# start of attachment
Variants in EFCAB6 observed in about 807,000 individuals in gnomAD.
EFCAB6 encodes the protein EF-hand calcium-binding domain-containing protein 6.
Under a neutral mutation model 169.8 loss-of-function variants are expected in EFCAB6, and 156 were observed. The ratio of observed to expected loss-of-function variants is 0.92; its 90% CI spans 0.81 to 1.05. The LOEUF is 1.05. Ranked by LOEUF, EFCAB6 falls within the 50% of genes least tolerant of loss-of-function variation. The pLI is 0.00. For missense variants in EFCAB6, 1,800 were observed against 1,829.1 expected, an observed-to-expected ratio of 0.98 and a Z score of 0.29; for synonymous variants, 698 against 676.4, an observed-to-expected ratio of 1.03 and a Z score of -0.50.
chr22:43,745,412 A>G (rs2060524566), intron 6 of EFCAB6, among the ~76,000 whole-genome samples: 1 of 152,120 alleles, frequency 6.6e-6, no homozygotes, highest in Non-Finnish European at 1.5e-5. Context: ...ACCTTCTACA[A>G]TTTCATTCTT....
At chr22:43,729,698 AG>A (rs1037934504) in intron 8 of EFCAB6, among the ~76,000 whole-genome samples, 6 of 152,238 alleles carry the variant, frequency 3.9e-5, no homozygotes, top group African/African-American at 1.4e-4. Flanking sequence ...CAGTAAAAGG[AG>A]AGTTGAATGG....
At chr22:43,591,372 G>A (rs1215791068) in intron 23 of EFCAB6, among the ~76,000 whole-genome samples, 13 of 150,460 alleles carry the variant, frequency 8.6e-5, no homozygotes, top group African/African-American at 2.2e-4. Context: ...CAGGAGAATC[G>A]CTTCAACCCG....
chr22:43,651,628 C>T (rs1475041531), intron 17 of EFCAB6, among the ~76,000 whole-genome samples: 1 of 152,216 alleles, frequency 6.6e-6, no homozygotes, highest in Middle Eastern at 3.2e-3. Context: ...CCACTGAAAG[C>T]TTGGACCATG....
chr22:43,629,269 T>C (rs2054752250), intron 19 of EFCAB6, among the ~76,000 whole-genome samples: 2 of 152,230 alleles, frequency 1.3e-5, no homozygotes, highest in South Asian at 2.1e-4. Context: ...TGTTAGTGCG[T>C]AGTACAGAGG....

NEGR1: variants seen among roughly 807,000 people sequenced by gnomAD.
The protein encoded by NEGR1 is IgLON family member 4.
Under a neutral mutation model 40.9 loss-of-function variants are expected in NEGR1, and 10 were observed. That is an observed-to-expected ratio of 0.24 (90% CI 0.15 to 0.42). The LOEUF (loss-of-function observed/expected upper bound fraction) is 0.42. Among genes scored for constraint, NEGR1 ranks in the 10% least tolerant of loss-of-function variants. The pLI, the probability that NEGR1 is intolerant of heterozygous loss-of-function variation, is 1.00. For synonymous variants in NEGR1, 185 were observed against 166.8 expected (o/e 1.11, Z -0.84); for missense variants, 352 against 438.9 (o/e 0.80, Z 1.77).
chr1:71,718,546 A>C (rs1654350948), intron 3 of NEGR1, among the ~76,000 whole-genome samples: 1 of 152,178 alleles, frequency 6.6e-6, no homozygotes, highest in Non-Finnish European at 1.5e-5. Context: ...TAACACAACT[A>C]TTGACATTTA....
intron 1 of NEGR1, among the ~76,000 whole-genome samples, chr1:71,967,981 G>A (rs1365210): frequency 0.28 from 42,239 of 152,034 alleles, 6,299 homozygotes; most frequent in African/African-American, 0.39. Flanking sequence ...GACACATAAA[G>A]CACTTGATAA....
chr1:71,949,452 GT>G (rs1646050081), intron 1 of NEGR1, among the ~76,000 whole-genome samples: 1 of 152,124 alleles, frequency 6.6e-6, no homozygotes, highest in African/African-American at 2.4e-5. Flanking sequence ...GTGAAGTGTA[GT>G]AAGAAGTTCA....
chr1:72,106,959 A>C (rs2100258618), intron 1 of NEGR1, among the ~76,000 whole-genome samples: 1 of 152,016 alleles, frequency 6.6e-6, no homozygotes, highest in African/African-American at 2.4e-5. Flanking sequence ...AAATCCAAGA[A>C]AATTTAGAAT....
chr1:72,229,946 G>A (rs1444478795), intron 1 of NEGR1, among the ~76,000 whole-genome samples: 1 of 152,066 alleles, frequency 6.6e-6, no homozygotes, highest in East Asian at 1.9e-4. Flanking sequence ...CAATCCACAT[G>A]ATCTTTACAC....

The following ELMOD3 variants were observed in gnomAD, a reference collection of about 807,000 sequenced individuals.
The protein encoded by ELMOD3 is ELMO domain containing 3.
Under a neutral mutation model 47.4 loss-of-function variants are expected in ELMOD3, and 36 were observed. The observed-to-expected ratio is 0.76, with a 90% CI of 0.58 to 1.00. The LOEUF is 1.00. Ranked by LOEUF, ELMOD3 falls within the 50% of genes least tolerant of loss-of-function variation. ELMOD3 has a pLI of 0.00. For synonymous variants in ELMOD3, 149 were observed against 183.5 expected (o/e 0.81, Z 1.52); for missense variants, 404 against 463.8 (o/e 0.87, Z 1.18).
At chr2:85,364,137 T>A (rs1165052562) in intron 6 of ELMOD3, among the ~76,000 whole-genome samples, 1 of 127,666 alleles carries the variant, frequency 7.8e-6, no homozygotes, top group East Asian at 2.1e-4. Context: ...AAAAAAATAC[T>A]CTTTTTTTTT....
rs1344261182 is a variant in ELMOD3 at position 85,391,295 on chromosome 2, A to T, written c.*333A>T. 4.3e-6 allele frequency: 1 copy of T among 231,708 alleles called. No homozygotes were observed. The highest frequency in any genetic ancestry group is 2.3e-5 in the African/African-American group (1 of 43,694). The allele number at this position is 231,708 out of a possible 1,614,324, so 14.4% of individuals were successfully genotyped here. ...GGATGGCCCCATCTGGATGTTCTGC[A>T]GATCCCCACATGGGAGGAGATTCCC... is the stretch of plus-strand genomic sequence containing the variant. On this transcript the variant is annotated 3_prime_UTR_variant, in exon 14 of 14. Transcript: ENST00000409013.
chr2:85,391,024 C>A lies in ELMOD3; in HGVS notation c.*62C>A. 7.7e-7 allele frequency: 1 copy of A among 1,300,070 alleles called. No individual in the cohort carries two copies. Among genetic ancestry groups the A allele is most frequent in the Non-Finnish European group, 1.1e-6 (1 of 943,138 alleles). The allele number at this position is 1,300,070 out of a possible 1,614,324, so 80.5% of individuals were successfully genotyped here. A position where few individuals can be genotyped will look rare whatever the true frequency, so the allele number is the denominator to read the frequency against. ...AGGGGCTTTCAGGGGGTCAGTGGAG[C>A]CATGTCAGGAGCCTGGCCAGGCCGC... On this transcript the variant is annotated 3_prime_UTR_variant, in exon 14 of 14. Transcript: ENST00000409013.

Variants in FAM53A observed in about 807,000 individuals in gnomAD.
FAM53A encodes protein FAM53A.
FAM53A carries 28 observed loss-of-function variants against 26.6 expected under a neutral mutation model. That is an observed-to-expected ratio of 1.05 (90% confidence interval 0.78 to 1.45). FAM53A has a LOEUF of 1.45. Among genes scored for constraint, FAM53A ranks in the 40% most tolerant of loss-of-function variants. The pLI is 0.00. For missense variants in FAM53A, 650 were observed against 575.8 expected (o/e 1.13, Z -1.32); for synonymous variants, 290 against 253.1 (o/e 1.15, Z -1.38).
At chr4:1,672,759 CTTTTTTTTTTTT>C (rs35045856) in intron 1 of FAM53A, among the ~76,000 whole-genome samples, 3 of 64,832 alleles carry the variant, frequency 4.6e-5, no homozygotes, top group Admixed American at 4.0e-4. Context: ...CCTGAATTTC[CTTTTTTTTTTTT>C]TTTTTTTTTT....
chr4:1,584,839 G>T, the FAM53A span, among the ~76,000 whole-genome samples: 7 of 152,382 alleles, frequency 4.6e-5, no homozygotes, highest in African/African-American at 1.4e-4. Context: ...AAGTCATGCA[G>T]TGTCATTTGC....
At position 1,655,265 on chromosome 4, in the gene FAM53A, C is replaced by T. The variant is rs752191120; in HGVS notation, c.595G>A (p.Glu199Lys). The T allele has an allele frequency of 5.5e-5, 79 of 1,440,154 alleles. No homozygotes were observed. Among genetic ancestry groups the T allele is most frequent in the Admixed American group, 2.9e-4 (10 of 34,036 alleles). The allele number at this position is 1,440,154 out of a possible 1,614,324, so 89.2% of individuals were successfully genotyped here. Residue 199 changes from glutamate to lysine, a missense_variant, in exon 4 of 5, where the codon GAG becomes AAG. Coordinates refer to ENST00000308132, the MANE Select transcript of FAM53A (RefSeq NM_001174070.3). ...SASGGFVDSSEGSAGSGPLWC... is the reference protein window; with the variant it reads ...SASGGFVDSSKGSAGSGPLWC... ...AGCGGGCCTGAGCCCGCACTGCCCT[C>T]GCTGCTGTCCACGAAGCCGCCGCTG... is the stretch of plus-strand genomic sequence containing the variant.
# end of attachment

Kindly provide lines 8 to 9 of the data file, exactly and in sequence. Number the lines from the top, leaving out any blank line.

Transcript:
chr22:43,629,269 T>C (rs2054752250), intron 19 of EFCAB6, among the ~76,000 whole-genome samples: 2 of 152,230 alleles, frequency 1.3e-5, no homozygotes, highest in South Asian at 2.1e-4. Context: ...TGTTAGTGCG[T>C]AGTACAGAGG....

NEGR1: variants seen among roughly 807,000 people sequenced by gnomAD.